The model calculates fluxes for any date provided there is temporal data for the corresponding time of year. If daily temperatures and/or diurnal cycles are not available for the date being modelled, a series of lookups is performed on the available temporal data to find a suitable match. This process accounts for changes in public holidays, leap years and changing DST switch dates.

For diurnal cycle data, the lookup operates by building and then reducing a shortlist of cycles that may be suitable:

  1. Based on the modelled time step, cycles from a suitable year are added to the shortlist. A year is deemed suitable if it contains data covering the time of year being modelled

    • If the modelled year is later than available data, the latest suitable year is used

    • If the modelled year is earlier than the available data, the earliest suitable year is used

  2. The modelled day of week is established (set to Sunday if a public holiday)

  3. The lookup date is set as the same day of week, month and time of month as the modelled date, but in the year identified as suitable.

    • This operation sometimes causes late December dates to become early January. Such dates are moved into the final week of December.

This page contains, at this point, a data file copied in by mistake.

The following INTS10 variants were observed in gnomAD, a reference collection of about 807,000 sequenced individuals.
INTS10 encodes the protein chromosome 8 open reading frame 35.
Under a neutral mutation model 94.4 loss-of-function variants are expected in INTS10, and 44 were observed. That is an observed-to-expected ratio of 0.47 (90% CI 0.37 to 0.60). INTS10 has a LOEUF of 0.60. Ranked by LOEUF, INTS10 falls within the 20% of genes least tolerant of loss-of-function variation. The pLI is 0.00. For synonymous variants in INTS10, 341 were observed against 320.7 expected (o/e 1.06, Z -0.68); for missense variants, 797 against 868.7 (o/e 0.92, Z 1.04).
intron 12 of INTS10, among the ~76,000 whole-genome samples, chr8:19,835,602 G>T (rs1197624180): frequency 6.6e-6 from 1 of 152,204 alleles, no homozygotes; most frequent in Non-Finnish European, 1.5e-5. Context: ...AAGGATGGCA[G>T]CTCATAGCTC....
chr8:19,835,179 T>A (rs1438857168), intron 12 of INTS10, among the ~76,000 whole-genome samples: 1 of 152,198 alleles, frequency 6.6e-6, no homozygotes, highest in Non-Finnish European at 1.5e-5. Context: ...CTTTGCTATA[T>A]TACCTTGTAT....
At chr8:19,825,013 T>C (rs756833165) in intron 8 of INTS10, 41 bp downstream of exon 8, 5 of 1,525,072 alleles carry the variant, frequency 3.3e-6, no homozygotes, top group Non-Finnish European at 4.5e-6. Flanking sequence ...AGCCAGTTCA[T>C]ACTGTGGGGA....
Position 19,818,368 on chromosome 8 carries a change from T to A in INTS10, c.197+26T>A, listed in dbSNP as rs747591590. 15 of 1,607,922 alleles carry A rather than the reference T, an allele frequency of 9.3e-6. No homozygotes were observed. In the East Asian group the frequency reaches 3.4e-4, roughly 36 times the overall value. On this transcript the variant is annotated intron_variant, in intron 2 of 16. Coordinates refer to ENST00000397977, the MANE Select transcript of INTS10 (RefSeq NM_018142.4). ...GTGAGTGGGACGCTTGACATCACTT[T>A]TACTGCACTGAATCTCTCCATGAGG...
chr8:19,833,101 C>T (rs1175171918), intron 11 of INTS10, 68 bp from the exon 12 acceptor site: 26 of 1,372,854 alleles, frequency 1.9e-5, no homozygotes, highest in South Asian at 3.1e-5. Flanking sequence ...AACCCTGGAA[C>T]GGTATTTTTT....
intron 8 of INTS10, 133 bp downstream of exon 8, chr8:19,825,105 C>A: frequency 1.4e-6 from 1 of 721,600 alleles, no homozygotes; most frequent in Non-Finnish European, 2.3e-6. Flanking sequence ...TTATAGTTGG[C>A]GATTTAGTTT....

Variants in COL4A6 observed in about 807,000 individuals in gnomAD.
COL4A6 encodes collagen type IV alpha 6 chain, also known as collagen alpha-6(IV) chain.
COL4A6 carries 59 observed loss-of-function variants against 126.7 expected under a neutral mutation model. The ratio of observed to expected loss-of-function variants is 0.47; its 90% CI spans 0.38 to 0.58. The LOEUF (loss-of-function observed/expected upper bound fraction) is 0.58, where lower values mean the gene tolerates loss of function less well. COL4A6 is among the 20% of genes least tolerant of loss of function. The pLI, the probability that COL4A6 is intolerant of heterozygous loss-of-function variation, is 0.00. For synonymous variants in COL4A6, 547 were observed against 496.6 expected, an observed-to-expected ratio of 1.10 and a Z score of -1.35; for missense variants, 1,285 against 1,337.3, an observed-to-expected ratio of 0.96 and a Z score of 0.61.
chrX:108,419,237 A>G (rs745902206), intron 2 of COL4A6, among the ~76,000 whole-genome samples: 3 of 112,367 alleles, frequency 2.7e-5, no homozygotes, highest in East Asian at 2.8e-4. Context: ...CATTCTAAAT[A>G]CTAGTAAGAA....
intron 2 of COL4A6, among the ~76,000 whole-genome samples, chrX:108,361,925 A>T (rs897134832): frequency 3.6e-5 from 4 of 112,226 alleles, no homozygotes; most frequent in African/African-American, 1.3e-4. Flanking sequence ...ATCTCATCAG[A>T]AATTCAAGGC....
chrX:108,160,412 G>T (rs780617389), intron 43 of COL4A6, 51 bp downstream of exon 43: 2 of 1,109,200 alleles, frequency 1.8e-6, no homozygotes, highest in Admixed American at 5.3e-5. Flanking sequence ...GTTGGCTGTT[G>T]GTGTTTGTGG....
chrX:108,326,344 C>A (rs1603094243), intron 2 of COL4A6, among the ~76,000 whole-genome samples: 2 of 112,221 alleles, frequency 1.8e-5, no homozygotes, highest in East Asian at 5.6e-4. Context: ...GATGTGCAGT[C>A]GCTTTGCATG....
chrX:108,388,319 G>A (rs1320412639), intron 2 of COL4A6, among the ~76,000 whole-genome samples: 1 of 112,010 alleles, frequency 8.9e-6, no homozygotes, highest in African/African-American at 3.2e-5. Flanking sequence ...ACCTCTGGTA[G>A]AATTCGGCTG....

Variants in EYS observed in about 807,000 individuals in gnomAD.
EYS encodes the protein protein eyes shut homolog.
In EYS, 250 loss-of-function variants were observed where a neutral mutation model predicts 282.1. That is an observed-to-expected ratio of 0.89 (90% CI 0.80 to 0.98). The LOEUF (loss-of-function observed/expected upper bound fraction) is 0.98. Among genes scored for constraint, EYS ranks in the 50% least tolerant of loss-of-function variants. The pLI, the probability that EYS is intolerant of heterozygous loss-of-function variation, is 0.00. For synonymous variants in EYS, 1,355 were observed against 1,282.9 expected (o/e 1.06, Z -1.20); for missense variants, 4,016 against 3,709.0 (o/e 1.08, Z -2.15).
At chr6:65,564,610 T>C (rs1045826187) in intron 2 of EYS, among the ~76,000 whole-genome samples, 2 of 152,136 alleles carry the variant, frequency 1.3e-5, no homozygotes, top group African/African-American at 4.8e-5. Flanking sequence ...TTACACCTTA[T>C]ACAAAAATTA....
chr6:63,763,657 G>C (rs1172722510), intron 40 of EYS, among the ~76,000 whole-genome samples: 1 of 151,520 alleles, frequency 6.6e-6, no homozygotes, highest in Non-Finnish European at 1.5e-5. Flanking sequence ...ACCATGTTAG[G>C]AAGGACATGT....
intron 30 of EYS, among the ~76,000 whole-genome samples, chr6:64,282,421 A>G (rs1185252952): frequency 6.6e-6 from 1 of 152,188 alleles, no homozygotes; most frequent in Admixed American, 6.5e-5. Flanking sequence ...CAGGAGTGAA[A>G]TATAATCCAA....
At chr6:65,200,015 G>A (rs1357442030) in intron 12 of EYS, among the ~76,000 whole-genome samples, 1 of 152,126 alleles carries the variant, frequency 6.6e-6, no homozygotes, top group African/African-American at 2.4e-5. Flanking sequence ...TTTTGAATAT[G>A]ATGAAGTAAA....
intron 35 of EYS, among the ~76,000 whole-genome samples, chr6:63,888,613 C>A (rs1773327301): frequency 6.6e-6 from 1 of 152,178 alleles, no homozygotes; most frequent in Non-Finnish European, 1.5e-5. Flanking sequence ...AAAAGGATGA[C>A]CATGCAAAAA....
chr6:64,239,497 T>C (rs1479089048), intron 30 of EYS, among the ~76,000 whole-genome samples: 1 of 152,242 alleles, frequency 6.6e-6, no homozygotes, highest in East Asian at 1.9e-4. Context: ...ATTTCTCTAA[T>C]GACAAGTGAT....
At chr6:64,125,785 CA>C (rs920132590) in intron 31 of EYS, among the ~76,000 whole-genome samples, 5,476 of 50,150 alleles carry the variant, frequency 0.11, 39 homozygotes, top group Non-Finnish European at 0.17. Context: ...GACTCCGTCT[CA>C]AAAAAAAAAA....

4. The daylight savings time (DST) state is identified for the lookup date, based on the time shift at noon.

  5. Down-select the available cycles based on the DST state (user-provided diurnal profile files only, when timezone of the modelled city is not the same as that in the profile file):

    • If the cycles are not provided in the local time of the city being modelled, the search is narrowed to those cycles for periods/seasons matching this DST state

    • If the cycles are provided in the local time of the city being modelled, all periods/seasons are available

  6. Remove any cycles that do not contain the necessary day of week from the shortlist

  7. The most recent cycle with respect to the lookup date is used

The same process is used to identify a relevant daily temperature, except in this case a single value is looked up instead of a cycle and each day of the year is its own season to improve resolution. Further spatial disaggregation